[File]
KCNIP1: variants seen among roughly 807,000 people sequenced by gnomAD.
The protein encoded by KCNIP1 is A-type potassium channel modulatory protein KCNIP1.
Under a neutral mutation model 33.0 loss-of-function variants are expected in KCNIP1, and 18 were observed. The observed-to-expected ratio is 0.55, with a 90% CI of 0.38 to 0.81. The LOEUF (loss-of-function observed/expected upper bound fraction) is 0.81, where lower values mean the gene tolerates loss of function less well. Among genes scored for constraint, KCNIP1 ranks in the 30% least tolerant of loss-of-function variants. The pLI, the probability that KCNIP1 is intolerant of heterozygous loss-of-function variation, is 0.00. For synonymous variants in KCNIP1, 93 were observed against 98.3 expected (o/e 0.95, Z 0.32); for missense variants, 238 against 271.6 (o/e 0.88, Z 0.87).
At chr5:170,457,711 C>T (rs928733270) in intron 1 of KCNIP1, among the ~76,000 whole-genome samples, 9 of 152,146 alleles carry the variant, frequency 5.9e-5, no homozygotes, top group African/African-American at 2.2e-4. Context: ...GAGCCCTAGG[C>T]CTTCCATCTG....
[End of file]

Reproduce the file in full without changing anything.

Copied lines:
KCNIP1: variants seen among roughly 807,000 people sequenced by gnomAD.
The protein encoded by KCNIP1 is A-type potassium channel modulatory protein KCNIP1.
Under a neutral mutation model 33.0 loss-of-function variants are expected in KCNIP1, and 18 were observed. The observed-to-expected ratio is 0.55, with a 90% CI of 0.38 to 0.81. The LOEUF (loss-of-function observed/expected upper bound fraction) is 0.81, where lower values mean the gene tolerates loss of function less well. Among genes scored for constraint, KCNIP1 ranks in the 30% least tolerant of loss-of-function variants. The pLI, the probability that KCNIP1 is intolerant of heterozygous loss-of-function variation, is 0.00. For synonymous variants in KCNIP1, 93 were observed against 98.3 expected (o/e 0.95, Z 0.32); for missense variants, 238 against 271.6 (o/e 0.88, Z 0.87).
At chr5:170,457,711 C>T (rs928733270) in intron 1 of KCNIP1, among the ~76,000 whole-genome samples, 9 of 152,146 alleles carry the variant, frequency 5.9e-5, no homozygotes, top group African/African-American at 2.2e-4. Context: ...GAGCCCTAGG[C>T]CTTCCATCTG....